I have only seen one swage come loose. That was ascribed to poor quality control at the factory .... er .... the final inspector missed a missed swage/squeeze/crimp. If the end of a spring does get loose, it is less likely to snag on a hard surface .... like a kicker plate. As for ripcords swages/pins/balls coming loose .... I have never seen it despite manufacturing hundreds of ripcords ( while working for Butler, Rigging Innovations and ParaPhernalia). I also assembled a few hundred pilot-chutes while working for Butler.
  21. riggerrob

    Custom art on rig

    ----------------------------------------------------------------- Your literacy has improved immensely over the last few years.
  22. riggerrob

    coil lock

    ***"Coil lock" could mean two different things: 1) ....... 2) The pilot chute fabric is tucked under the base of the pilot chute, thereby locking the pilot chute in the compressed position by it's own tension For #2, the practice used to be to stuff all the loose fabric under the base ....... The idea was that it helped serve as a good base "kicker plate" for launch, and also prevented a loose spring end from burrowing down into the canopy fabric and getting itself stuck there. ........ ----------------------------------------------------------------------------- First time I have heard that! .... but I have only been a rigger for 33 years ....... I do know that when military-surplus aluminum kicker plates got prohibitively expensive (1970s) many riggers substituted paper plates. Since then, most sport containers have plastic (e.g. MDS Nylatron) kicker plates sewn into internal flaps.
  23. riggerrob

    Custom art on rig

    I have to agree with Rigger Lee on this point. Many years ago, a rigger brought an old Talon to Rigging Innovations' factory. I was sceptical because all the (originally silver) binding tape had been coated with black shoe dye. The second owner could not identify which type of shoe dye had been applied. Sandy Reid replied "Because we do not know what chemicals are involved, this rig was never here. We never saw it. We will not do any repairs. We will not do any updates."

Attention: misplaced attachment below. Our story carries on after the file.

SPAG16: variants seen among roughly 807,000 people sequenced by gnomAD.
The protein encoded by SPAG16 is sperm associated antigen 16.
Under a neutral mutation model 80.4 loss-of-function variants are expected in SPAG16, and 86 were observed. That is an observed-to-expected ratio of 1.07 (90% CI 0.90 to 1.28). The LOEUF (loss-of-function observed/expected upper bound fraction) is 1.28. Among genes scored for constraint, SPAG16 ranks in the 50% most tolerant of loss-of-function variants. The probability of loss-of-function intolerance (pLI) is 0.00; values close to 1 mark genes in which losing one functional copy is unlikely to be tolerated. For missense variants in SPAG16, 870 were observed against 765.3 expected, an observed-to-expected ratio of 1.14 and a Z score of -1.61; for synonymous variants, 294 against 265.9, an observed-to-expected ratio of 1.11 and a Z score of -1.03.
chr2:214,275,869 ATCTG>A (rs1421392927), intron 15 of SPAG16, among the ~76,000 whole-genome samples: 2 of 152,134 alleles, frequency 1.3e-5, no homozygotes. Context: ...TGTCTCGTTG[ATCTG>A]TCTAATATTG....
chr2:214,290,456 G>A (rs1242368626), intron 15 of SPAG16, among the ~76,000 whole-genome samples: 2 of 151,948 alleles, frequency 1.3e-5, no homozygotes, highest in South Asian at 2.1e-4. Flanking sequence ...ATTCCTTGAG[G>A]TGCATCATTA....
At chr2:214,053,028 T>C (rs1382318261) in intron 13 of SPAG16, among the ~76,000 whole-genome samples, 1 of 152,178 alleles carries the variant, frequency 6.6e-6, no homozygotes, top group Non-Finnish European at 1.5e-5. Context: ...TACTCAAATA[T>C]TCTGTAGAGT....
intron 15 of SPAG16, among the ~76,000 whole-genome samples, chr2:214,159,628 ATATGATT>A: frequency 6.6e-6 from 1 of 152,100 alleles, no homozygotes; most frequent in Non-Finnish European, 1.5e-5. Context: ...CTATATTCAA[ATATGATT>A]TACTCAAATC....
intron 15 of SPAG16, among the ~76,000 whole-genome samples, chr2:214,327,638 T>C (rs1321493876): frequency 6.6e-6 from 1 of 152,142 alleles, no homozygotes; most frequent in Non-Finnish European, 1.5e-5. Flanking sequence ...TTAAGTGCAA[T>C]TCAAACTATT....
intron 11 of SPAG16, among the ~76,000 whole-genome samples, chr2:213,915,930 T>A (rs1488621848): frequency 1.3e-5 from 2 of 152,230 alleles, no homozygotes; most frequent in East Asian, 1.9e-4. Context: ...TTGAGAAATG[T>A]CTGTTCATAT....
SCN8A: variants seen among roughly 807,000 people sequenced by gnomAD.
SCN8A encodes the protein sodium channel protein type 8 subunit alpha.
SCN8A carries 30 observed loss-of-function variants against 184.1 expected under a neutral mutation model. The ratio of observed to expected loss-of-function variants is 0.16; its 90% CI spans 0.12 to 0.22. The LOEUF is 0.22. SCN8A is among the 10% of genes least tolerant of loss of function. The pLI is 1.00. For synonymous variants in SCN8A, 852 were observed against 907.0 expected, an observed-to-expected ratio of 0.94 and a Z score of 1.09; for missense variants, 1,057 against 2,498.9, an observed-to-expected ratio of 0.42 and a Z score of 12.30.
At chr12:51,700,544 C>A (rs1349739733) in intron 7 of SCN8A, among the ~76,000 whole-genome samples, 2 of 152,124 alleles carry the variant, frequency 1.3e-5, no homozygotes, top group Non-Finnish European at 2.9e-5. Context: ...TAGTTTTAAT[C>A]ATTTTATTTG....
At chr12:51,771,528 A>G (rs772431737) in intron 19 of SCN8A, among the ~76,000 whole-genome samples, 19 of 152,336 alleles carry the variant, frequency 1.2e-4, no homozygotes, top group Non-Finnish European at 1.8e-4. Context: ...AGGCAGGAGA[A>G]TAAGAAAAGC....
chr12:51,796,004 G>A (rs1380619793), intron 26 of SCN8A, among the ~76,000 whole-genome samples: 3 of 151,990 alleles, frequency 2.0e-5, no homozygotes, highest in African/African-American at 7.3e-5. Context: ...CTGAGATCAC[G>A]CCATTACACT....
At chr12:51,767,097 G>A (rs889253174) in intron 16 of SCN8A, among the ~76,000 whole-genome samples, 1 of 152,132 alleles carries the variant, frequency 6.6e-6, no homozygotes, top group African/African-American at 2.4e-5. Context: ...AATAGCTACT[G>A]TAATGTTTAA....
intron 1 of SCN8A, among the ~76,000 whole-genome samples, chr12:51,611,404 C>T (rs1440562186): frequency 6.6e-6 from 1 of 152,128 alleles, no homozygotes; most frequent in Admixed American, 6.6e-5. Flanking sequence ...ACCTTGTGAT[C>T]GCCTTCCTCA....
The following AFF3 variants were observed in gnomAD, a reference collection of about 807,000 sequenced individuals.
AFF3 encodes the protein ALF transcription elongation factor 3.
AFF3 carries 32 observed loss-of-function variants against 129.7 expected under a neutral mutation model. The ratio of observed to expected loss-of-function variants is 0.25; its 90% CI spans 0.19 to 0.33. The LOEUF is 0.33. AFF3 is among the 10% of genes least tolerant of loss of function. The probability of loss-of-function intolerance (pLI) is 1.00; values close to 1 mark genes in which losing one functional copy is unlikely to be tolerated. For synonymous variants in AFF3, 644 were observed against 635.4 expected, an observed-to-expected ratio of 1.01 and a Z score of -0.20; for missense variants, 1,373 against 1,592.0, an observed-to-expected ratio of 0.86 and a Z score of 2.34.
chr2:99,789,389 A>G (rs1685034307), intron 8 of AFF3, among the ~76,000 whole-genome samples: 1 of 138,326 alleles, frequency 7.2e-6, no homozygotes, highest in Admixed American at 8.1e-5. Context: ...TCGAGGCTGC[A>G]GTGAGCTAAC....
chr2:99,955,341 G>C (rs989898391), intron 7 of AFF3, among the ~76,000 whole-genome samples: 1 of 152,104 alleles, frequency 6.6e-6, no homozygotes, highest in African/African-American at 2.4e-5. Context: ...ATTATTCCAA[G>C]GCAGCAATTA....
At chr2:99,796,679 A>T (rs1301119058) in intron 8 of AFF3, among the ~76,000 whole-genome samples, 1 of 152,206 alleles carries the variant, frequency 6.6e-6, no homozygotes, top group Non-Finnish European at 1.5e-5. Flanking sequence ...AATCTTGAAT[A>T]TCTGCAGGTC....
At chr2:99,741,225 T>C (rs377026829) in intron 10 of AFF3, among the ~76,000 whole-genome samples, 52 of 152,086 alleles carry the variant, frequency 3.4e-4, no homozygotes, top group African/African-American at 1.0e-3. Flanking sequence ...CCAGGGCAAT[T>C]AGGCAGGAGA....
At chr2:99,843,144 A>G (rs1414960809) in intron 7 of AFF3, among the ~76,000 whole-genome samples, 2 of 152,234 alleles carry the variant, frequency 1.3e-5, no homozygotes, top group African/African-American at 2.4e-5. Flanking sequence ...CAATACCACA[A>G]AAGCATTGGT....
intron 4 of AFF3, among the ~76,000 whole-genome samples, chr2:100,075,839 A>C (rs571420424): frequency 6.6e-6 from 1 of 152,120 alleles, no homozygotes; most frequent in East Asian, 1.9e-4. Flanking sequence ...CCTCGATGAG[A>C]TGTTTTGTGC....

24. riggerrob

    Buying used tandem gear from Lodi Advice

    The original regulation (banning mixing-and-matching tandem components from different manufacturers) was to discourage riggers from installing round or Micro-Raven reserves in tandems. Back in 1983, only two factories built tandems. They had not tested the other manufacturers' components. Later on lawyers confused the issue by suing Strong Enterprises for an accident involving a TI (certified to jump another rig) who jumped Strong gear, but had never jumped with a Strong Examiner. That lawsuit was expensive to defend even though Strong was eventually found innocent. Rules are more "common sense" in Canada. I have only packed 425R reserves into Strong DHT and I have only packed big Angelfire reserves into Racer Tandems, but I have packed Pioneer, PD and Precision reserves into Vector/Sigma tandem containers. I have also offered to pack Next tandem reserves into Sigmas. May I say some good things about Precision tandem reserves? They passed three certification trials: first for the Eclipse tandem, and secondly for the Finnish Army. Finnish Army pattern tandems evolved into the (current production) Wings Tandem. My last tandem "save" ended with the TI grumbling about how "boring" his Precision TR-350 reserve flew. OTOH I used to jump PD-360 canopies (F-111 fabric, etc.) back when they were fashionable as mains. I often jumped with "well nourished" Bavarians. Is there any wonder I have an aching back, aching knee and aching foot. I would rather be bored under a reserve. P.S. The best cure for old aches is regular exercise. I celebrated my 60th birthday by hiking the Groose Grind. The following weekend I did 10 tandem jumps.
  25. I see tunnel-flying, para-gliding, speed-flying, etc. as the future of skydiving. When gasoline becomes too expensive for motor-sports, the average skydiver will quit jumping out of airplanes, but take up one of the above-mentioned sports to occupy his/her weekends. At the same time (prohibitively expensive petroleum) USPA will be forced to chose between dissolution or including another Aerosport. Far wiser to include other Aerosports early .....